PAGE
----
Jacque Lynn Schultz, CPDT, Companion Animal Programs Adviser, National Outreach, APSCA Autumn is slowly making way for Old Man Winter, and your concern is steadily growing for the stray cat who settled into your backyard last summer. Homeless Hildegarde has been enjoying your fresh-air hospitality under the deck all season, but with cold weather approaching, there’s no better time to introduce her to the pleasures of indoor living. Luckily, bringing a friendly stray in from the cold or keeping an indoor/outdoor feline entirely inside is not as difficult as one might think. All it takes is some environmental enrichment and a bit of training. Thinkstock Litter box training is the biggest concern for most people. If the cat was ever box trained, she will likely fall right back into the habit. For the former indoor/outdoor cat, a two-box system filled with fine-grain, clumping litter works best. Place one where you want the litter box to permanently reside, and put the transitional box at the door the cat once used to exit the house. When she finds that she can’t get outside to the topsoil, she will use the box by the door. After that habit is established, slowly move the transitional box closer to the permanent setup. Once the boxes are side by side you can remove one of them. For the cat who has never been litter box trained, a confinement method is usually necessary. Set the cat up in a cattery cage or a large dog crate complete with litter box, resting space, food, water and toys. When the cat is consistently using her litter box, she can be moved to a small room, like a bathroom or galley kitchen. After she gets the hang of that, you can increase her space yet again. If she has a lapse, return to the last space the cat kept clean. Don’t forget to visit her often and release her for supervised exercise, grooming and affection during the confinement period. Also, once she has earned the free run of your home, make sure she isn’t tempted to use your potted plants as a litter box. Cover soil with aluminum foil, or pack glass pebbles or marbles around the plant. Enhancing Your Cat’s Habitat When litter box training is complete, you can begin to enrich your cat’s new environment. Since her days will no longer be spent searching for her supper, she’ll need something else to while away the hours. Window perches allow your indoor cat to keep an eye on the backyard bird population while safely basking in the sun. An indoor planter containing feline favorites such as catnip and wheat grass enables your cat to nosh on cat-safe greenery. Toys are a must for these reformed hunters; interactive playthings sporting feathers are especially enticing. Just remember to rotate toys every week or two to keep your feline’s interest piqued. To safeguard furniture from a cat who’s used to scratching wherever she pleases, offer several kinds of scratching posts and determine her pleasure. Look for posts that are sturdy enough to climb. Cat tree furniture, which usually includes several resting platforms atop natural tree trunks or posts wrapped in sisal, is a good bet. Placement near a sunny window or patio door guarantees enjoyment. In addition, cardboard scratch pads embedded with catnip are inexpensive and can be scattered throughout your home. Overcoming the Lure of the Outdoors Although indoor living has many perks, the call of the wild can be intense for some cats. Given the opportunity, these cats will attempt to dash for freedom whenever a window is opened or a door is left ajar. Make sure screens fit snugly in windows and cannot be dislodged by a persistent cat. Dissuade door-dashing by drawing your cat away from doorways before entering and departing your home. Roll a toy or toss a treat across the room to focus kitty’s attention away from the door. If there are children in your home who come and go frequently, stage practice runs with your cat. Leave the door ajar; if she begins to saunter out of it, startle her with a blast of canned air or a spritz of water from the outside. If the outdoors proves inhospitable, it’s likely to dampen her ardor for adventuring. A backyard cat enclosure can fulfill the fresh air needs of a hardcore outdoor lover while keeping the cat and nature safe from one another. By the time winter sets in, you’ll be able to sit back and enjoy watching the first snowflakes fly. Hildegarde will be napping on the hearth, safe and warm and there to stay.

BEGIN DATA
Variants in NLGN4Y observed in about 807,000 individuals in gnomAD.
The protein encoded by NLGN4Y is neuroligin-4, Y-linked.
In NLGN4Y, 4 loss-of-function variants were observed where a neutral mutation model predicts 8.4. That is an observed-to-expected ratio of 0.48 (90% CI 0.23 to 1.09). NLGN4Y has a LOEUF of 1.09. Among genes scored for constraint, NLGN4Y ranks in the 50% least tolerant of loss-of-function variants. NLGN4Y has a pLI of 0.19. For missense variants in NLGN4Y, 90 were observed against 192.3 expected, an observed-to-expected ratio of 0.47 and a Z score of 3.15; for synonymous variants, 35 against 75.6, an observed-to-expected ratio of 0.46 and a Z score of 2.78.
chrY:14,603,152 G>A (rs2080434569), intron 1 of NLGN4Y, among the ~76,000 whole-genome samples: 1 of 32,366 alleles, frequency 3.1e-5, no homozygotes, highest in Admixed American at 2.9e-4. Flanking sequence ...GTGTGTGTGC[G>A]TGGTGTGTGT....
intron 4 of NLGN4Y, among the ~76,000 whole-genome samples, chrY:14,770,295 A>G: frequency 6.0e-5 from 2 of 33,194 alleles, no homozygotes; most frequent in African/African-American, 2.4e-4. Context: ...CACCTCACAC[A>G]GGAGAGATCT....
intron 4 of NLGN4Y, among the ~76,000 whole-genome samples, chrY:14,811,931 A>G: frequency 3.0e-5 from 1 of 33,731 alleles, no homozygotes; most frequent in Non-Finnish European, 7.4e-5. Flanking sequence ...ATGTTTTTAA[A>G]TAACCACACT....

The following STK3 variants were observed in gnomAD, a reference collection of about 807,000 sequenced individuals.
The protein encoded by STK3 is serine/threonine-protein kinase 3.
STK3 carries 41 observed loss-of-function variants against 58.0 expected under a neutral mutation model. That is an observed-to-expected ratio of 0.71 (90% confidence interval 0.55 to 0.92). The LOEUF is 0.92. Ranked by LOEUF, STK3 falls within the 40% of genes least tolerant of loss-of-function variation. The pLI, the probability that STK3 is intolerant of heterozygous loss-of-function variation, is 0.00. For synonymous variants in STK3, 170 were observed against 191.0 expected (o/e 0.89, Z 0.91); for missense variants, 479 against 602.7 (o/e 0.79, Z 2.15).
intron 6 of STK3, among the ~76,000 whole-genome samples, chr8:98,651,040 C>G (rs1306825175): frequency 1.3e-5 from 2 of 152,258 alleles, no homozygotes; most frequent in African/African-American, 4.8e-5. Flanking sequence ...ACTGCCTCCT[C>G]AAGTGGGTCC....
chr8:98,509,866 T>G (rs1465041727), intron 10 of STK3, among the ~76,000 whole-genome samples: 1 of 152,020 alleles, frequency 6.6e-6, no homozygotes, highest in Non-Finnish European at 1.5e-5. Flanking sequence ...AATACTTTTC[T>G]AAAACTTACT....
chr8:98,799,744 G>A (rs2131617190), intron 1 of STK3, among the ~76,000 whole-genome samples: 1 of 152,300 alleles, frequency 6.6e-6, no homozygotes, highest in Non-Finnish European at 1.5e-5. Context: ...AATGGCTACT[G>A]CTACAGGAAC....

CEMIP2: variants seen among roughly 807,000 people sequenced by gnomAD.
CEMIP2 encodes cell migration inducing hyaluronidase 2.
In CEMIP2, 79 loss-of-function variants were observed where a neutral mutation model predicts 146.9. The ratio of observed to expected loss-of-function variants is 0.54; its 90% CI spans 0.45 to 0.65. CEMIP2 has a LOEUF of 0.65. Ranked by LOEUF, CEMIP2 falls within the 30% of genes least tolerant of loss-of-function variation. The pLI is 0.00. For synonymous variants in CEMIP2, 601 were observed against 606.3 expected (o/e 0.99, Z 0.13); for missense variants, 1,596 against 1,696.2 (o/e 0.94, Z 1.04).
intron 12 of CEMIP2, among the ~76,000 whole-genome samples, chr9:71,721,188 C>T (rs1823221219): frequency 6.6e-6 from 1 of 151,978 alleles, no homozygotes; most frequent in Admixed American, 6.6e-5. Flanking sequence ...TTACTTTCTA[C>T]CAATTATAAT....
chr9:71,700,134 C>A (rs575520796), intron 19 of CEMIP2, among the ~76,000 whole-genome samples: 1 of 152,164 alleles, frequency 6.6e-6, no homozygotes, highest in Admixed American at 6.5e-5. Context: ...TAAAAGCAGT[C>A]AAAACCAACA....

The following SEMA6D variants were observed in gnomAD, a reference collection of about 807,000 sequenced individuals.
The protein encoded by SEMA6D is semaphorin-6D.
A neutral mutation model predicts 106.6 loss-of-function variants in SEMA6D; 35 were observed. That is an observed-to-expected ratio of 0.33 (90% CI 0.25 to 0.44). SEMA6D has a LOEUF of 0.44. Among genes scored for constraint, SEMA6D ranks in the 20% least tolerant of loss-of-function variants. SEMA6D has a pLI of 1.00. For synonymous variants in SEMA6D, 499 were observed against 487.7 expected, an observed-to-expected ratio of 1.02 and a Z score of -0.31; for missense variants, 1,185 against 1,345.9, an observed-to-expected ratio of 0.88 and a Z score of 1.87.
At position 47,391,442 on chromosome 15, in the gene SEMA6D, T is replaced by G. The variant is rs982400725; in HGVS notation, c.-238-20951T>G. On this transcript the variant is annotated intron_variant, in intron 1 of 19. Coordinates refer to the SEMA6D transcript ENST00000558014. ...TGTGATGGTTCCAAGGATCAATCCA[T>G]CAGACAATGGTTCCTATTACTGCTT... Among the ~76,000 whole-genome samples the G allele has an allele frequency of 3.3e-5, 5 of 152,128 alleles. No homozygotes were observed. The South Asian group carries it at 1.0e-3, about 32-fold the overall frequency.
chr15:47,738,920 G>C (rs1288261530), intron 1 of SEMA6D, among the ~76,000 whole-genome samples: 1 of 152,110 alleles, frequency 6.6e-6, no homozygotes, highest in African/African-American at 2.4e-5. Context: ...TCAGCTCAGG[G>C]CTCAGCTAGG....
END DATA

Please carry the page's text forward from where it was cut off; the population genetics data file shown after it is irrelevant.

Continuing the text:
Search Add New Question My cat has a weird love of drinking straws. He likes the air blown out of them. He loves the vents, the fan. Anything. Is there a toy that we could make or buy to satisfy this? wikiHow Contributor Try using candy dispensers that have a little fan on them, just be sure to remove the candy first. Thanks! Yes No Not Helpful 1 Helpful 14 How many hours per day should I play with my cat? wikiHow Contributor You should play with your cat about an hour a day. Spread the time out and leave 15-30 minutes of play for the end of the day. This will ensure that your cat will be tired and sleep throughout the night. If you want to play with your cat more, go ahead, but don’t bother your cat constantly to play. Just play when he wants to play. Thanks! Yes No Not Helpful 1 Helpful 9 Is it a problem if I leave a broom with the cat? Alittlesworld It can be if your cat eats the small fibers on a broom. Thanks! Yes No Not Helpful 1 Helpful 8 How many times should I bathe a cat? wikiHow Contributor You generally don’t need to bathe a cat. Cats clean themselves and usually hate to be bathed. You can do it in an extreme situation where your cat gets exceptionally dirty and it can’t be cleaned effectively by other means. But usually some pet bath wipes should do the job fine. Thanks! Yes No Not Helpful 0 Helpful 4 I saw a YouTube video of a cat playing with a balloon. Can I use a balloon as cat toy? wikiHow Contributor Cats can play will blown up balloons, but when they pop they tend to frighten our furry friends. If they do pop a balloon, make sure to clean the remains up as soon as possible. Cats tend to like chewing on plastic, and the small pieces of balloon can cause them to choke. Thanks! Yes No Not Helpful 1 Helpful 7 When I give my cat a toy, he turns nasty and growls, and runs away to hide. Why is he like this? wikiHow Contributor He could be grumpy, or old, or in some kind of pain or discomfort. Watch his behavior, how he moves, and take note of his urination and defacation habits. Anything out of the ordinary should prompt a veterinary visit to check for a condition that could be causing his grumpiness. Thanks! Yes No Not Helpful 4 Helpful 14 Can I use bottlecaps as a toy for kittens? wikiHow Contributor I wouldn’t recommend it as the edges can be sharp and the kitten could hurt itself. Thanks! Yes No Not Helpful 1 Helpful 4 Is there a toy I can make out of yarn or string? wikiHow Contributor Most cats/kittens would like just playing with a string that’s being dragged across the floor. But be careful, if the string is too thin, the cat can choke. Always put the string away when finished with it. Thanks! Yes No Not Helpful 0 Helpful 2 Can older cats play with toys too? wikiHow Contributor Many older cats still find a lot of joy playing with toys, however they tend to lose interest faster. You may have to find creative ways to keep your cat motivated to play. Thanks! Yes No Not Helpful 1 Helpful 1 Can I play fetch with my cat? wikiHow Contributor If your cat likes to play fetch with you, then yes! Many cats love it. Thanks! Yes No Not Helpful 0 Helpful 0 Show more answers
Warnings Don’t use plastic bags as toys. Cats can get caught in the handles, suffocate if they put their head inside the bag, or choke on small pieces of plastic they bite or scratch off of the bag. Cats that get caught up in the handles of a bag (plastic or otherwise) can end up dragging the item around, lose balance and tumble over, maybe down stairs or off a high ledge. Cat play should always be supervised when offering them small objects, string, or other items that can be potentially swallowed, bitten to pieces or that can cause tangling. Do not give your cat toys that he will chew on unless he is supervised. Make sure that your cat cannot eat the pieces of the toy that he pulls off. For instance, rubber bands are easily eaten and can kill your pet by causing an intestinal blockage. Don’t use anything with chocolate, soda, coffee or tea on it. The caffeine and the chocolate is toxic to cats. Because using a light as prey doesn’t give kitty a solid object to catch, he/she may feel frustrated. It is a good idea to use a combination of light and a solid cat toy when involving light in your cat’s playtime. Watch for claws! Even the most gentle and loving cat can get carried away when excited, so don’t get your hands too close during playtime. If you do, wash with an antiseptic rinse immediately and bandage. If you feel sick or feverish, see your doctor. String or thread can be swallowed, so never leave it about and never allow play with such items without supervision. If string reaches the intestinal tract, it can function as a knife on the intestinal walls and create a life-threatening situation. Cats have required surgery or have died from swallowing string and thread. (Keep your sewing and craft items away from cats because they can eat it and get killed by doing so.) Do not let a cat play unsupervised with a toy dangling from a string that has been tied to something. There is a risk of the object becoming wrapped around the cat’s neck and strangling her. Avoid using items that bleed dye easily. The cat’s saliva when chewing and biting will cause the dye to leach into their mouth and all over your carpet and furnishings. Pick up all toys of a potentially harmful nature (string, rubbery items, etc.) before ceasing supervision. Toys that can be left around include things like toilet rolls, scratching posts, boxes and well stitched soft toys, etc.